With millions of cubic meters of timber still on the ground, and summer approaching, authorities and environmentalists in northern Italy were engaged in a race against time. Over six months have past since a storm called "Vaia" hit four northern regions with unusually warm winds exceeding 150 km per hour and strong rainfalls.
It was Oct. 29, and the event resulted in an unprecedented damage to forests in northeast Trentino, Friuli, and Veneto, and northwest Lombardy regions, which provide two thirds of all Italian timber.
No single event of extreme weather had ever caused such extensive destruction to Italian forests, and the reaction it triggered appeared, in its own way, unprecedented as well.
Public, private join forces
In the aftermath of the disaster, the Italian branch of the Programme for the Endorsement of Forest Certification (PEFC) launched a "fair supply chain" to try to mitigate the environmental and socio-economic impact.
Sirocco winds knocked down some 20 million trees -- over 8.5 million cubic meters of wood -- equal to the amount of wood harvested in 5 to 7 years of average silviculture, according to the Italian Ministry of Agriculture.
The affected areas stretched over 42,500 hectares of woods overall, and the regional governments estimated damages for 50 million euros (55.8 million U.S. dollars) in Lombardy, 93 million in Veneto, 250-300 million in Trentino, and 615 million in Friuli Venezia Giulia.
With the fair supply chain project, the PEFC urged public forestry consortia and mountain communities, and private firms to take action by collecting and purchasing as much timber as possible from the damaged forests at fair prices.
For all those willing to join the project, the timber would be made traceable through the specific logo "Filiera Solidale" (Fair Supply Chain) guaranteed by PEFC-Italy.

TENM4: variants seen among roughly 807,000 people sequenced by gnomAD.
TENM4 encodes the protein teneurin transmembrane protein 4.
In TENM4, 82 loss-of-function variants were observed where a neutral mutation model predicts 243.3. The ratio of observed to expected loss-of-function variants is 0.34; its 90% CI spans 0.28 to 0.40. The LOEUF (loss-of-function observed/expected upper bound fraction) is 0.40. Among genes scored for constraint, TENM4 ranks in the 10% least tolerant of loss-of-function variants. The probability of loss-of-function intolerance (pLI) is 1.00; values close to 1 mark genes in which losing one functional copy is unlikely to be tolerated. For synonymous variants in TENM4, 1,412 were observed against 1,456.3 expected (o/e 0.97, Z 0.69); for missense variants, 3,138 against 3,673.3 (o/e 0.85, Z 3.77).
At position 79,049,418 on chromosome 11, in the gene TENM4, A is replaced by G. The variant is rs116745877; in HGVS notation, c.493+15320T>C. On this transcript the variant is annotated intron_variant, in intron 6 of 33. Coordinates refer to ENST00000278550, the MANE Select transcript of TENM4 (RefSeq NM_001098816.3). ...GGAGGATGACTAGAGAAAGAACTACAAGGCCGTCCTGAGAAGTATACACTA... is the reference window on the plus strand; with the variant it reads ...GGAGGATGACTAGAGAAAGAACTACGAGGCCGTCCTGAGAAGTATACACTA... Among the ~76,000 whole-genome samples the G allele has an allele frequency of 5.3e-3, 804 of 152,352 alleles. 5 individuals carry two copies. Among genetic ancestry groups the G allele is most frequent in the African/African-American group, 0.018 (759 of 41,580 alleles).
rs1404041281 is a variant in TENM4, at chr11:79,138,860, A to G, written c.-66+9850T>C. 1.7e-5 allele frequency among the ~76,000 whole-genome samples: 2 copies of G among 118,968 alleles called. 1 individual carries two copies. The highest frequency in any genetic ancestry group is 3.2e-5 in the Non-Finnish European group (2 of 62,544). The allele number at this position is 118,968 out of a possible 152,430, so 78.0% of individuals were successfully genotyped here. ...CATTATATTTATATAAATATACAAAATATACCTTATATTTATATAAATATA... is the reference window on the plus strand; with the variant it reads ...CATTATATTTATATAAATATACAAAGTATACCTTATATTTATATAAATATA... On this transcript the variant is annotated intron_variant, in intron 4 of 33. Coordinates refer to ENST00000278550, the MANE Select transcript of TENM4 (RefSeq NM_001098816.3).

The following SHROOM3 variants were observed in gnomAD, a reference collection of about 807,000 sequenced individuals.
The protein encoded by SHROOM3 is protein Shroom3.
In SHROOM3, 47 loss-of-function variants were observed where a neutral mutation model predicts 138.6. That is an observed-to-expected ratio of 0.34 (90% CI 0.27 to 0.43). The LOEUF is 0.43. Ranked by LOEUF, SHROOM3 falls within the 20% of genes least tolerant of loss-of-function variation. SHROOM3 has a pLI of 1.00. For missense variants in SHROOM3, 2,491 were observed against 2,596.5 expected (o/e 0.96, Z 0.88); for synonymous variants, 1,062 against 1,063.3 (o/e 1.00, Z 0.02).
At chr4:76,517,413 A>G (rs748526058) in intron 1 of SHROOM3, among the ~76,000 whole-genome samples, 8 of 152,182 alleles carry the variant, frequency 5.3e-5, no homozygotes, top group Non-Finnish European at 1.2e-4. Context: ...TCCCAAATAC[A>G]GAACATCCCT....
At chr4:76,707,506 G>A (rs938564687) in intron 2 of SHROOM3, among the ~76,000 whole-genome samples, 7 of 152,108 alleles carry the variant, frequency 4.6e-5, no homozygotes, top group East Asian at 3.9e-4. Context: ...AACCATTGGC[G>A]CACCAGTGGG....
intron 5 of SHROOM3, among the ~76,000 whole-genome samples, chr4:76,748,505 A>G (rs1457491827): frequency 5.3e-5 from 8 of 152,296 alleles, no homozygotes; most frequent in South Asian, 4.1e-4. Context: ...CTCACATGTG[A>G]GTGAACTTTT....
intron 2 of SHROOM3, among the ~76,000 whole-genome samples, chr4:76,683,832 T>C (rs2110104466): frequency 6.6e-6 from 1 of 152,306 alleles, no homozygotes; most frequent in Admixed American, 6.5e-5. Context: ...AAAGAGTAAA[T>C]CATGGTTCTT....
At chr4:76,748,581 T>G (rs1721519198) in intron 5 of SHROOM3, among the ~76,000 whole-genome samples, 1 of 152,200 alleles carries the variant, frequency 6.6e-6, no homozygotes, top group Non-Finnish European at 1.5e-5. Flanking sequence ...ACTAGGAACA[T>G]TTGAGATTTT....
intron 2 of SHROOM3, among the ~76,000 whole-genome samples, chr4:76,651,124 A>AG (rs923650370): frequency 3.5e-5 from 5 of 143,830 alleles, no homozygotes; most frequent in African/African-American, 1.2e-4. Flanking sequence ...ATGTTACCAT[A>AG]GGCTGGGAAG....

Up to mid-May, at least 17 private firms, 12 civil society organizations, and 20 public entities joined the project, yet promoters kept pushing ahead.
"Over six months after Vaia, we still have almost 5 million cubic meters of wood to collect," PEFC-Italy secretary general Antonio Brunori told Xinhua.
"We have to move fast, because knocked-down timber will start being attacked by insects in the summer months, with a further risk that diseases may further spread to healthy trees," he explained.
Adding to the risk of parasites and fungus, timber lying on the ground would anyway become useless for the industry within two years, according to the forest sciences researcher.
The campaign also aimed at developing a stronger national supply chain by boosting local resources, which made sense since Italy was one of the world's largest furniture manufactures, but imported 80 percent of timber, according to industrial furniture association Federlegno-Arredo.
A third goal was to further boost the certification of sustainably managed forests, which today amounted to 9.8 percent of Italy's 10.9 million hectares of forests, according to the 2018 PEFC report.
Overall, environmentalists hoped this approach would boost Italian forests' resilience to climate change.